Ben Affleck, who testified last week before Congress on behalf of the Congo, revealed to NPR’s Morning Edition’s David Greene on Thursday that he briefly struggled with feelings of insecurity before stepping up as a celebrity advocate for the region.
“It seemed to me that what I had to offer at the time could be better used in the Congo and after that, in my sort of insecurity about not wanting to be somebody who does it without understanding it, led me to go,” Affleck explained.
While Affleck’s Hollywood friends pushed the “Batman vs. Superman” star toward other causes, he was ultimately able to use his clout to draw more attention to the often-ignored region.
“Being an actor afforded me [certain] access,” Affleck began, “and the more I got involved and looked around in the Congo, the more I was drawn there. Not because of the suffering but because of the will and the energy and the determination of the Congolese people and the face of that suffering to overcome.”
Despite his initial doubts, Affleck made sure he was able to contribute more than just a celebrity mouthpiece.
“I wouldn’t be a credible advocate if I wasn’t taken seriously, if I hadn’t done my homework,” Affleck revealed. “So in order to do it, I had to do it properly.”
Listen to more of Affleck’s NPR interview below:
Zach Snyder spoke candidly with Hero Complex about keeping tabs on fanboy “talk-back” and how outcry is “reassuring and frustrating at the same time.”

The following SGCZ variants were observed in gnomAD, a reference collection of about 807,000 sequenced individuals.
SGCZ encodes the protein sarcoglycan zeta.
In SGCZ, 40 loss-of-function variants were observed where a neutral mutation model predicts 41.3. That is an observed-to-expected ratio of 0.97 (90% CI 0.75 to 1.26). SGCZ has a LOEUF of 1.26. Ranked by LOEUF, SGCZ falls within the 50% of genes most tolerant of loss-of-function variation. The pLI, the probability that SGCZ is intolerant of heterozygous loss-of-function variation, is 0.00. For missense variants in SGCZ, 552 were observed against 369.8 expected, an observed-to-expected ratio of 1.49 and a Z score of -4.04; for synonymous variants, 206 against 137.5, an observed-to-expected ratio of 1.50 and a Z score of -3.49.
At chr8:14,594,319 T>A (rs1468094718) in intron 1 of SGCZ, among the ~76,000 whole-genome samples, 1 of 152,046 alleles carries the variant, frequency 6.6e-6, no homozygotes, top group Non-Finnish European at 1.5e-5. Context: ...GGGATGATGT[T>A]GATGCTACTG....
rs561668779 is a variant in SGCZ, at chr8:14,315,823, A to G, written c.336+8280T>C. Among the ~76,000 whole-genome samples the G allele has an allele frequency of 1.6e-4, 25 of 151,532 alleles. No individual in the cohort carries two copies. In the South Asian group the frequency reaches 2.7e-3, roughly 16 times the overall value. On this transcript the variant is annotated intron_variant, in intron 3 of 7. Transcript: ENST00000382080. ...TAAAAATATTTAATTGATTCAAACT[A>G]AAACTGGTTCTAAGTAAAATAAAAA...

Hero Complex: Have you started filming ‘Superman-Batman’?
Zack Snyder: We’re getting ready to start shooting in a month or so. It’s going great. I’m very excited. It’s very fun to get into this world with different heroes coexisting in the same universe, but a lot of balls in the air as they say. As a fan, it’s an amazing opportunity. You know, Superman and Batman in the movies have never existed in the same frame together. So it’s an interesting historical thing. We were just testing the suits, right? The new Batsuit and the Superman suit. It wasn’t even with the actors, right? It was just to see ‘em. I was standing there, they were standing next to each other. And I was like, “Guys, someone take a picture! This has never happened before.” We slightly dork out. Like, “Are you kidding me?!”
HC: How surprised are you by all the outcry over some of your casting choices? From Gal Gadot to Ben playing Batman? Jesse as Lex Luthor?
ZS: There are two ways to think about it. We know the material. Unfortunately, the fans don’t know the material. So, we’re casting according to what’s happening in the script. And we’re hoping that leads to enough originality, enough perspective on what we’re doing that you get something fresh and exciting. I understand the canon. I’m not crazy. I know what these characters need from a mythological standpoint. I think Jesse is going to be an amazing Lex. Let’s not forget he was nominated for an Academy Award. It’s not like I just grabbed my friend to play the guy! This guy’s the real deal. By the way, in looking at all the talk-back, you can get all different perspectives in there too. Some people are hating to hate. Some people — someone did some fan art. And you look underneath and someone wrote, “I guess I can see it.” Honestly, are you kidding me? Just stop it! It’s reassuring and frustrating at the same time.
HC: It seems like you’re not insulating yourself from fan dialogue about the project. You’re out there listening to what people have to say. But ultimately, you are trying to serve the material. So what you’re saying is, fans should take heart in that.